A paper that is the product of an international collaboration in the fields of environmental science and remote sensing between Professor Masato Katoh of ICCER, Institute for Mountain Science and specially appointed professor Samuli Junttila was published in the journal "Remote Sensing of Environment". The results of the study will be applied towards the realization of smart precision forestry through laser sensing in the future.
◆ Journal
Remote Sensing of Environment is an international journal of theory, science, applications, and sensing technology of remote sensing research. The Impact Factor is 9.085 and the Cite Score is 15.1, and the journal ranking (Journal Citation Reports) is 7th place / 265 journals in the field of environmental science and 2/30 in the field of remote sensing.

◆ Paper Title
"Terrestrial laser scanning intensity captures diurnal variation in leaf water potential"

◆ Author
Samuli Junttila, T. Holtta, E. Puttonen, M. Katoh, M. Vastaranta, H. Kaartinen, M. Holopainen, H. Hyyppa

◆ Research background
A detailed three-dimensional analysis and forest dynamics analysis of mountainous terrain by state-of-the-art laser sensing for a one month period began on February 9th, 2020 and completed March 8th, 2020 by Dr. Samli Junttila (Faculty of Forest Resources, University of Helsinki), a unit specially invited professor with Professor Hyyppa, a world authority in the field conducted international joint research on the health of forests and the water potential of foliage by laser-sensing.

Photo1. State-of-the-art laser sensing seminar           Photo 2. Group photo with Doctor Junttila

◆ Research method
The group developed a non-destructive plant mortality measurement method using laser sensing to obtain information on the widespread moisture status of forests. Over the past few decades, plant mortality has increased worldwide due to droughts caused by extreme weather and global warming. Timely information on plant-water dynamics is essential for understanding and predicting drought plant mortality. The water potential of leaves, usually collected and measured in a destructive manner, is the most common metric that has been used for decades to measure water stress.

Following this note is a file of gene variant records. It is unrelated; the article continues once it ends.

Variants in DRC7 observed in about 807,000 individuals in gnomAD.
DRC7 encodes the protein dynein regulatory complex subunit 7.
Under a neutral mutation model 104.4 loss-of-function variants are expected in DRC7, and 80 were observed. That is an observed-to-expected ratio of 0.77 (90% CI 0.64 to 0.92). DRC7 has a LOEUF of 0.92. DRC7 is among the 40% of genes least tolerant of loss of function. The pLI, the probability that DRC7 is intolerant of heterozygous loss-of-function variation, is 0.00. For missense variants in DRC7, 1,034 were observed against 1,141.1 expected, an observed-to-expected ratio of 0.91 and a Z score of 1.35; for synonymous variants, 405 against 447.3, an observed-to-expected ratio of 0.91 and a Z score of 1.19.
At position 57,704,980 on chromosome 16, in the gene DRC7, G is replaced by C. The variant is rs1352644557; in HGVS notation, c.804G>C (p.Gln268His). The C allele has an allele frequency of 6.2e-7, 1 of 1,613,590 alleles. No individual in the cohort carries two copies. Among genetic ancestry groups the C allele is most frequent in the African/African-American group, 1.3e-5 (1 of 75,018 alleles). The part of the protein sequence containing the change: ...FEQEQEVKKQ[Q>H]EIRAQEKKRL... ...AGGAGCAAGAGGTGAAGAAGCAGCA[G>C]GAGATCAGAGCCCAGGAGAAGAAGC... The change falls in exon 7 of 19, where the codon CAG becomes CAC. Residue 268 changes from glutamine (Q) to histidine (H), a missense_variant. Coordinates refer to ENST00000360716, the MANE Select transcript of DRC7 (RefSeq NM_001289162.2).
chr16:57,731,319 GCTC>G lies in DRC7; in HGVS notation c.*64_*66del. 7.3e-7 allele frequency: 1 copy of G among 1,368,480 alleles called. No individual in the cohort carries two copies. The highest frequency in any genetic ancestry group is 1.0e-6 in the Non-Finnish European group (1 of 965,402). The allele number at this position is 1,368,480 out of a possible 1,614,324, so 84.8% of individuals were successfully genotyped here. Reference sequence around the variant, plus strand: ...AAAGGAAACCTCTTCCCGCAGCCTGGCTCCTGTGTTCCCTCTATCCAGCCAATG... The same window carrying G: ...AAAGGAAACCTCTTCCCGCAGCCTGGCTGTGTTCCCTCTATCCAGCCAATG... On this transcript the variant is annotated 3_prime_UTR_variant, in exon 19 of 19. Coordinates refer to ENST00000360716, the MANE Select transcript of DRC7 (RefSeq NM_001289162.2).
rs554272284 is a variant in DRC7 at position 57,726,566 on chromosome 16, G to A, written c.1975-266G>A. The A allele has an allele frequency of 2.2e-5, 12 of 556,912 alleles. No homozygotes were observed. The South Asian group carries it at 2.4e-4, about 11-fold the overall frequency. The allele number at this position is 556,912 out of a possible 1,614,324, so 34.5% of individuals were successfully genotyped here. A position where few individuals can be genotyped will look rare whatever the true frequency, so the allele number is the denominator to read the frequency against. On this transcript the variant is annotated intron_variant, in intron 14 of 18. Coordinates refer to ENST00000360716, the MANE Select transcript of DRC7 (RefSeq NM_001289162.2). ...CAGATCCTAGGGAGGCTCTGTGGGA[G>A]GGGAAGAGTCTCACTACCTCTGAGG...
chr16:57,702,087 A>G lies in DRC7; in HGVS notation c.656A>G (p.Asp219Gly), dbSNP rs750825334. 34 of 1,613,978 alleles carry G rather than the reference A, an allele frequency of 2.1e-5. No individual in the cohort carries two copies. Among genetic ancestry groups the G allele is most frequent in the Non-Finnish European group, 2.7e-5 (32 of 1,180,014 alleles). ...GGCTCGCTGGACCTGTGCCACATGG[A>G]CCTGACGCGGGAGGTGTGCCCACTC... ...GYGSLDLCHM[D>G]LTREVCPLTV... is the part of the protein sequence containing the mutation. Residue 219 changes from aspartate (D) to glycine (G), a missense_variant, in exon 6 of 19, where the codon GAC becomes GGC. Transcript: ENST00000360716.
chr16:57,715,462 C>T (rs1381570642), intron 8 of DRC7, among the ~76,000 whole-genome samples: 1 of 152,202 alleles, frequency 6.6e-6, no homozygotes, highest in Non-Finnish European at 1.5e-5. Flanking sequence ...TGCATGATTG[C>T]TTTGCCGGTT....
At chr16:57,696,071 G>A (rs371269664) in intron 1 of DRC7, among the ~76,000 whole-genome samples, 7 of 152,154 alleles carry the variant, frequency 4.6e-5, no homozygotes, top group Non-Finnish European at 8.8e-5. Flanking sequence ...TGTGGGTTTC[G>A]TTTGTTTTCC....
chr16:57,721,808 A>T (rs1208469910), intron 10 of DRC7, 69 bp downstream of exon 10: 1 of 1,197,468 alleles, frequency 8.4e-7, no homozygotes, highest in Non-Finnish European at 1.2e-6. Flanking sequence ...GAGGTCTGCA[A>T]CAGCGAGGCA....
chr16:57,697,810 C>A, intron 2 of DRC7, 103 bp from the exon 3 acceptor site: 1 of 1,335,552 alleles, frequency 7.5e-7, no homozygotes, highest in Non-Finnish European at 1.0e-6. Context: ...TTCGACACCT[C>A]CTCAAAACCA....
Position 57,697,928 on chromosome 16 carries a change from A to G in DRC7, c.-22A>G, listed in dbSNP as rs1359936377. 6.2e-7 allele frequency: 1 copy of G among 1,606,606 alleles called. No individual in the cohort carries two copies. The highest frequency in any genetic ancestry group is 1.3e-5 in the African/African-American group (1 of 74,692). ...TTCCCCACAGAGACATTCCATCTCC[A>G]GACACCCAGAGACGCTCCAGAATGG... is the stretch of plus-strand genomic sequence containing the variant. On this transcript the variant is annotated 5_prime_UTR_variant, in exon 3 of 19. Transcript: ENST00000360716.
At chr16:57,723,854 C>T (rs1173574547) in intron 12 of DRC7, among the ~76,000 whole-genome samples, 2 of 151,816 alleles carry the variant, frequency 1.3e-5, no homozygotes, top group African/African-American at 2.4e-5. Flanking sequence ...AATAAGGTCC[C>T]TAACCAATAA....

◆ Research results
It was clarified that the rate of fluctuation of the water potential of trees can be estimated from the reflection intensity of the ground laser (Fig. 1). The best predictive TLS intensity variables described 70%, 71%, and 77% fluctuations in water potential of all trees, Pine 1, Pine 2, and Birch, respectively. The strongest predictor was mainly the laser reflection intensity at the 905 nm wavelength. 905_D25 (density variable), 905_p20 and 905_p60 (percentage of difference between maximum and minimum intensity), and 905_min (minimum intensity).

Figure. State-of-the-art laser sensing and the rate of fluctuation of the water potential

The research team is continuing to develop technology for smart precision forestry using laser-sensing. They have developed a technology that can non-destructively diagnose the water potential of trees from ground laser measurement. In the future, laser-sensing will be applied for aircraft and drones to monitor the health diagnosis of trees such as pine wilt and oak wilt.